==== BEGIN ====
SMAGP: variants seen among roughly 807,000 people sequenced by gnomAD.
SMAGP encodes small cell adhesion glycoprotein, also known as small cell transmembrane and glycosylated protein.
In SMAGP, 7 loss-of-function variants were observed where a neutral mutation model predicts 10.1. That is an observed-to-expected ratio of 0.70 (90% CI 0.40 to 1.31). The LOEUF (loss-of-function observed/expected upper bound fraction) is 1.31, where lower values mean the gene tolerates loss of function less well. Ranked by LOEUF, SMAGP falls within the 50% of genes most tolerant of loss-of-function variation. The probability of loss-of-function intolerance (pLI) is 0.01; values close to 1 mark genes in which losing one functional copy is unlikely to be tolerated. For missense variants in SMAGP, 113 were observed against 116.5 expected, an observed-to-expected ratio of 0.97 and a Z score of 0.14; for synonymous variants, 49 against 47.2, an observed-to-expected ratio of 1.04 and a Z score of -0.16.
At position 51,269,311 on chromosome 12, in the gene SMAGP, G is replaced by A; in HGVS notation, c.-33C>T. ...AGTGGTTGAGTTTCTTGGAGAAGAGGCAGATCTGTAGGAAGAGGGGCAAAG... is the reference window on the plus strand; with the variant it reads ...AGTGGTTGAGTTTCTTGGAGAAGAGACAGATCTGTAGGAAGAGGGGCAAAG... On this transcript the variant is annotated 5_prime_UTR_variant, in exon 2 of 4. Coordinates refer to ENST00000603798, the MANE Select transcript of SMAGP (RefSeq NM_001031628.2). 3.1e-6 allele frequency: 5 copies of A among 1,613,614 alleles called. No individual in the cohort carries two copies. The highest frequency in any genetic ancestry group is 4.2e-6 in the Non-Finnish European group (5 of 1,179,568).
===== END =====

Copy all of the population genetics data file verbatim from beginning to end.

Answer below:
SMAGP: variants seen among roughly 807,000 people sequenced by gnomAD.
SMAGP encodes small cell adhesion glycoprotein, also known as small cell transmembrane and glycosylated protein.
In SMAGP, 7 loss-of-function variants were observed where a neutral mutation model predicts 10.1. That is an observed-to-expected ratio of 0.70 (90% CI 0.40 to 1.31). The LOEUF (loss-of-function observed/expected upper bound fraction) is 1.31, where lower values mean the gene tolerates loss of function less well. Ranked by LOEUF, SMAGP falls within the 50% of genes most tolerant of loss-of-function variation. The probability of loss-of-function intolerance (pLI) is 0.01; values close to 1 mark genes in which losing one functional copy is unlikely to be tolerated. For missense variants in SMAGP, 113 were observed against 116.5 expected, an observed-to-expected ratio of 0.97 and a Z score of 0.14; for synonymous variants, 49 against 47.2, an observed-to-expected ratio of 1.04 and a Z score of -0.16.
At position 51,269,311 on chromosome 12, in the gene SMAGP, G is replaced by A; in HGVS notation, c.-33C>T. ...AGTGGTTGAGTTTCTTGGAGAAGAGGCAGATCTGTAGGAAGAGGGGCAAAG... is the reference window on the plus strand; with the variant it reads ...AGTGGTTGAGTTTCTTGGAGAAGAGACAGATCTGTAGGAAGAGGGGCAAAG... On this transcript the variant is annotated 5_prime_UTR_variant, in exon 2 of 4. Coordinates refer to ENST00000603798, the MANE Select transcript of SMAGP (RefSeq NM_001031628.2). 3.1e-6 allele frequency: 5 copies of A among 1,613,614 alleles called. No individual in the cohort carries two copies. The highest frequency in any genetic ancestry group is 4.2e-6 in the Non-Finnish European group (5 of 1,179,568).